The Global Financial Crisis and its Budget Impacts in OECD Nations
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The Global Financial Crisis and its Budget Impacts in OECD Nations

Fiscal Responses and Future Challenges

Edited by John Wanna, Evert A. Lindquist and Jouke de Vries

The global financial crisis of 2007–09 constituted the biggest shock to the economies of the OECD nations since the Second World War and caused most of their governments to move into intense crisis mode. They made significant adjustments to their fiscal policy regimes, including massive interventions to stabilize markets and economies. But how they reacted to the crisis, and what measures they took to deal with it, still underpin their economic and budgetary positions. This singular shock provides the editors and authors of this book with an intriguing opportunity to examine how different OECD budgetary systems performed. Chapters cover the EU, North America and Asia, assessing how governments responded to the challenge and how their budget systems evolved in the aftermath.
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Chapter 2: The United States’ response to the global financial crisis: from robust stimulus to fiscal gridlock

Paul L. Posner and Denise M. Fantone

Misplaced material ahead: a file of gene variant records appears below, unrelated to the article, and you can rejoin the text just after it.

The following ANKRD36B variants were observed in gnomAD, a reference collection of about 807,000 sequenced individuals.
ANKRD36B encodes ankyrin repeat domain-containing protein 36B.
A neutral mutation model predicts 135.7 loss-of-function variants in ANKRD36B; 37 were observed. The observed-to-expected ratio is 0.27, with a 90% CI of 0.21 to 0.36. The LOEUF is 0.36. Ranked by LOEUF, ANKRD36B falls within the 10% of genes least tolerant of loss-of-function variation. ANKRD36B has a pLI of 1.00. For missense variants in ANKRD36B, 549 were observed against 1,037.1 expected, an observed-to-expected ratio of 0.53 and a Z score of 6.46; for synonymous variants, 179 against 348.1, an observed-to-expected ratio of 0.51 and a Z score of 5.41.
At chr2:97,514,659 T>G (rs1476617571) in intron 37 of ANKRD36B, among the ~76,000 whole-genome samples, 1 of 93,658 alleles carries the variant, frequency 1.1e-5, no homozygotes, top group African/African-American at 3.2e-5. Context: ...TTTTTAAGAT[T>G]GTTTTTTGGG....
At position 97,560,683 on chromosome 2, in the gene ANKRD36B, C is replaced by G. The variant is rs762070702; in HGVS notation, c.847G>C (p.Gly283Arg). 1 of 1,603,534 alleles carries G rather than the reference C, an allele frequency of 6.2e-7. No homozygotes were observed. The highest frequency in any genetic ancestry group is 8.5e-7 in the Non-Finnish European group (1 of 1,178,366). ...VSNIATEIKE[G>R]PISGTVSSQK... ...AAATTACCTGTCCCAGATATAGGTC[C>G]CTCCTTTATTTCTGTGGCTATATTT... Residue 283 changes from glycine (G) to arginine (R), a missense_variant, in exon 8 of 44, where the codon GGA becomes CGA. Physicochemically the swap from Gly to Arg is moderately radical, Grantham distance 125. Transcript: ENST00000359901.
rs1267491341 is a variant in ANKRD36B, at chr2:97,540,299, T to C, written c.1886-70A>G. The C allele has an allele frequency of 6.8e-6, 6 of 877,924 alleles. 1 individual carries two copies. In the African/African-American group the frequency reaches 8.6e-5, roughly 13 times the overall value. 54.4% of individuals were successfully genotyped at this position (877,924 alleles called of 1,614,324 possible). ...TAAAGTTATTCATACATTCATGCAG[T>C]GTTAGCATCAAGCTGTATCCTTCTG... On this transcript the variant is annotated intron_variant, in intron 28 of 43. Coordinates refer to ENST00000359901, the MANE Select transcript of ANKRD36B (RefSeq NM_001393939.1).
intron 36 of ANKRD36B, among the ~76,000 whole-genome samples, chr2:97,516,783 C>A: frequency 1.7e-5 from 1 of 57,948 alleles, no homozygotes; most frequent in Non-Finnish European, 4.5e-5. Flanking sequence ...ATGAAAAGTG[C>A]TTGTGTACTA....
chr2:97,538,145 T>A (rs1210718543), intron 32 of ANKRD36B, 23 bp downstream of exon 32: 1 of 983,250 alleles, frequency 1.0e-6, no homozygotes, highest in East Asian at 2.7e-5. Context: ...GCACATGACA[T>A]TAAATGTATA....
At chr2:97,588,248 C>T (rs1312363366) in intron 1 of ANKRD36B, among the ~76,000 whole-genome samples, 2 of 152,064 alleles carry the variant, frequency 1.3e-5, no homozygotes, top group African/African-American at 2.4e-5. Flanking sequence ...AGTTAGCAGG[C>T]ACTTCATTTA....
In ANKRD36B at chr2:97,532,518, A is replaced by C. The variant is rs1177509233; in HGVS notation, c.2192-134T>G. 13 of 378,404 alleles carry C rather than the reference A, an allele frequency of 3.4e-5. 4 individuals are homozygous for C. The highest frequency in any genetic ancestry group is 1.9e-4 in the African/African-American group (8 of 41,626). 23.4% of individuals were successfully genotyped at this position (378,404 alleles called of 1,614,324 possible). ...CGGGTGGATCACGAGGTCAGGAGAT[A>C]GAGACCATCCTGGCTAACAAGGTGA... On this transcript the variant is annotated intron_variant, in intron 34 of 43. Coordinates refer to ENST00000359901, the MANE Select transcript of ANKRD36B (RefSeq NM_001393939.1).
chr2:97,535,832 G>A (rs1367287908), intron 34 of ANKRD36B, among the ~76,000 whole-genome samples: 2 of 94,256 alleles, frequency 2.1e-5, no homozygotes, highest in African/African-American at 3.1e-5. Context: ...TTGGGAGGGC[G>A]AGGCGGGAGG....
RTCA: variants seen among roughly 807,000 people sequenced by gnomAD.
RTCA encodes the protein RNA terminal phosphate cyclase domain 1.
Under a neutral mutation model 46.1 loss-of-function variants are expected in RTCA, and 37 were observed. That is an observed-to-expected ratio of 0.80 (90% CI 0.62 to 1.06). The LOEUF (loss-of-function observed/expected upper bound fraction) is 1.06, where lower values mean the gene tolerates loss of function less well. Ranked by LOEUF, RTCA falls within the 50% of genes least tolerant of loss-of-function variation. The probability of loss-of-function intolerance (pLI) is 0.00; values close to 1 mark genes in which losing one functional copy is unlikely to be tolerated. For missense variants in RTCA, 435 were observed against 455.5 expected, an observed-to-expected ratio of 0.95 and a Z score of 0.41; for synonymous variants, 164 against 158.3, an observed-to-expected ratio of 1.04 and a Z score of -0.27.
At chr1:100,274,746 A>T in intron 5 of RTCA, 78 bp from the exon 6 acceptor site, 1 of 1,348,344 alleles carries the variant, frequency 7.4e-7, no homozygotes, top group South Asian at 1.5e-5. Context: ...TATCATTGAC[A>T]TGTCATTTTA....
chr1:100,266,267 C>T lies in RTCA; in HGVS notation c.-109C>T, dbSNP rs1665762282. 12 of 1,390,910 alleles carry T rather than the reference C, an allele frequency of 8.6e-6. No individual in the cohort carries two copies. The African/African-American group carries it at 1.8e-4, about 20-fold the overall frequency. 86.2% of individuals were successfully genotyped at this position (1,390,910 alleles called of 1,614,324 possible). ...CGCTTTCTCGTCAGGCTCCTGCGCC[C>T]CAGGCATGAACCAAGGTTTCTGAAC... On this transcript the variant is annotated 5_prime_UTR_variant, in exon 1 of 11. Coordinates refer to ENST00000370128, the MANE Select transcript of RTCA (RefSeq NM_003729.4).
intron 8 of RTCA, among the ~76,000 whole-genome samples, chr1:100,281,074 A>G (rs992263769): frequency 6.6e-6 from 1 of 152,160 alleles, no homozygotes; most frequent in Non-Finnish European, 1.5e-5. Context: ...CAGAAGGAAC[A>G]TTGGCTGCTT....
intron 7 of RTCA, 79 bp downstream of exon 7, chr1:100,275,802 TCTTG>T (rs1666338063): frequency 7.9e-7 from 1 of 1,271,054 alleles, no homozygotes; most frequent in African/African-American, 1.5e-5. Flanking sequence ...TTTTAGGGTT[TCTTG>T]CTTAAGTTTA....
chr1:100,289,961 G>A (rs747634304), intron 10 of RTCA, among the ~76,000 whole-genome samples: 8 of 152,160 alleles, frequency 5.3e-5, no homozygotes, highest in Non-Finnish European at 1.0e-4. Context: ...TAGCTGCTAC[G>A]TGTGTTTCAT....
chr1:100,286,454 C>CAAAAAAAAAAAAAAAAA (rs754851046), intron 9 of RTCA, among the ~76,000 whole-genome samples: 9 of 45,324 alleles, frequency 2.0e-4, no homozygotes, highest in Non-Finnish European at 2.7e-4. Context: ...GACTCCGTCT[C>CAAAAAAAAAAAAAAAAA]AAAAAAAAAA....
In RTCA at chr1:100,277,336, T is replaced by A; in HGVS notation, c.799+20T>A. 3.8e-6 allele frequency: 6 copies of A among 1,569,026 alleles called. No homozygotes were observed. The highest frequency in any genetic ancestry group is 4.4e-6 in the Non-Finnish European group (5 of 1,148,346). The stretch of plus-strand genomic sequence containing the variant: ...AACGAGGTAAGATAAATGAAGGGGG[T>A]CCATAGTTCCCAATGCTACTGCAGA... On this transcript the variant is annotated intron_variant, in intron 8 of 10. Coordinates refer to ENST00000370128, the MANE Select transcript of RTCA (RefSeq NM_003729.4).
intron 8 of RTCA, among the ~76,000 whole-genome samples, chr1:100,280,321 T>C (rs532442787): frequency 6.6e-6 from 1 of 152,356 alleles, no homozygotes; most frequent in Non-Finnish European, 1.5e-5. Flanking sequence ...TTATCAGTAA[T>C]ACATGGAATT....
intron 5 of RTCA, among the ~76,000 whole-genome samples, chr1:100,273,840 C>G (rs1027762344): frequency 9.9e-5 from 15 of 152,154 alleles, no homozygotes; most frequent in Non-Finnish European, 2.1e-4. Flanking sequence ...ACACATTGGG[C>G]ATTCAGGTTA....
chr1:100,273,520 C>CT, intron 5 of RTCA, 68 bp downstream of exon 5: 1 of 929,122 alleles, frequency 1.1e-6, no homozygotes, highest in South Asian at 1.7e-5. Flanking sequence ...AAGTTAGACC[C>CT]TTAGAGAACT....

The global financial crisis (GFC) arrived at a most inopportune time for the United States. The budget was already burdened with substantial new fiscal imbalances, as the nation stood on the precipice of the retirement of the ‘baby boom’ generation. The chronic deficits with which the nation had struggled for the better part of 35 years were scheduled to explode to unsustainable levels through the next several decades unless serious reforms were undertaken on the spending and revenue sides of the budget. The financial crisis accelerated the day of fiscal reckoning, prompting deficits to exceed 10 percent of gross domestic product (GDP) – the highest peacetime deficits in US history. The crisis affected fiscal balances in two ways. First, the sharp fall in economic growth and jobs triggered automatic stabilizers, which caused revenues to plummet to a record postwar low accompanied by higher spending. Second, both the Bush and Obama administrations were forced to make unprecedented commitments of new federal resources to rescue large financial firms and jump-start the economy through a stimulus initiative approaching US$1 trillion over several years. These two policy actions were estimated to have saved nearly 8 million jobs, which some felt saved the economy from toppling into a depression (Zandi and Blinder 2010). While the economy has been officially deemed to be out of the recession, growth is slow and many worry about a ‘double dip’ recession.

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